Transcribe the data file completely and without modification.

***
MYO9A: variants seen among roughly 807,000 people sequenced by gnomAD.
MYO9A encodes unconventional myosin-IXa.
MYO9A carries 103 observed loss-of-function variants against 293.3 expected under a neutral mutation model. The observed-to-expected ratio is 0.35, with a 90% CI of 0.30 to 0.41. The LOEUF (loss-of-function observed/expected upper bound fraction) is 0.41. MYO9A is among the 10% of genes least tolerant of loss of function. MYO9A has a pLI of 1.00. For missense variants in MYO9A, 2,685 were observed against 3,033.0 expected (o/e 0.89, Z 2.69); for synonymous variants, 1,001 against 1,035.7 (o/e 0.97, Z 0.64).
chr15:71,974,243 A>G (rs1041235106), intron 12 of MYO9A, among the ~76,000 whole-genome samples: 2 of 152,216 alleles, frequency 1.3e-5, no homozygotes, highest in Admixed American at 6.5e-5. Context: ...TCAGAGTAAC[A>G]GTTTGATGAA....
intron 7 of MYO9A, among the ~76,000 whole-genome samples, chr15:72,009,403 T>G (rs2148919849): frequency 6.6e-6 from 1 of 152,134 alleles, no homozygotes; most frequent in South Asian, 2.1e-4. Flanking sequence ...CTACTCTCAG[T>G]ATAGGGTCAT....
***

MYO9A: variants seen among roughly 807,000 people sequenced by gnomAD.
MYO9A encodes unconventional myosin-IXa.
MYO9A carries 103 observed loss-of-function variants against 293.3 expected under a neutral mutation model. The observed-to-expected ratio is 0.35, with a 90% CI of 0.30 to 0.41. The LOEUF (loss-of-function observed/expected upper bound fraction) is 0.41. MYO9A is among the 10% of genes least tolerant of loss of function. MYO9A has a pLI of 1.00. For missense variants in MYO9A, 2,685 were observed against 3,033.0 expected (o/e 0.89, Z 2.69); for synonymous variants, 1,001 against 1,035.7 (o/e 0.97, Z 0.64).
chr15:71,974,243 A>G (rs1041235106), intron 12 of MYO9A, among the ~76,000 whole-genome samples: 2 of 152,216 alleles, frequency 1.3e-5, no homozygotes, highest in Admixed American at 6.5e-5. Context: ...TCAGAGTAAC[A>G]GTTTGATGAA....
intron 7 of MYO9A, among the ~76,000 whole-genome samples, chr15:72,009,403 T>G (rs2148919849): frequency 6.6e-6 from 1 of 152,134 alleles, no homozygotes; most frequent in South Asian, 2.1e-4. Flanking sequence ...CTACTCTCAG[T>G]ATAGGGTCAT....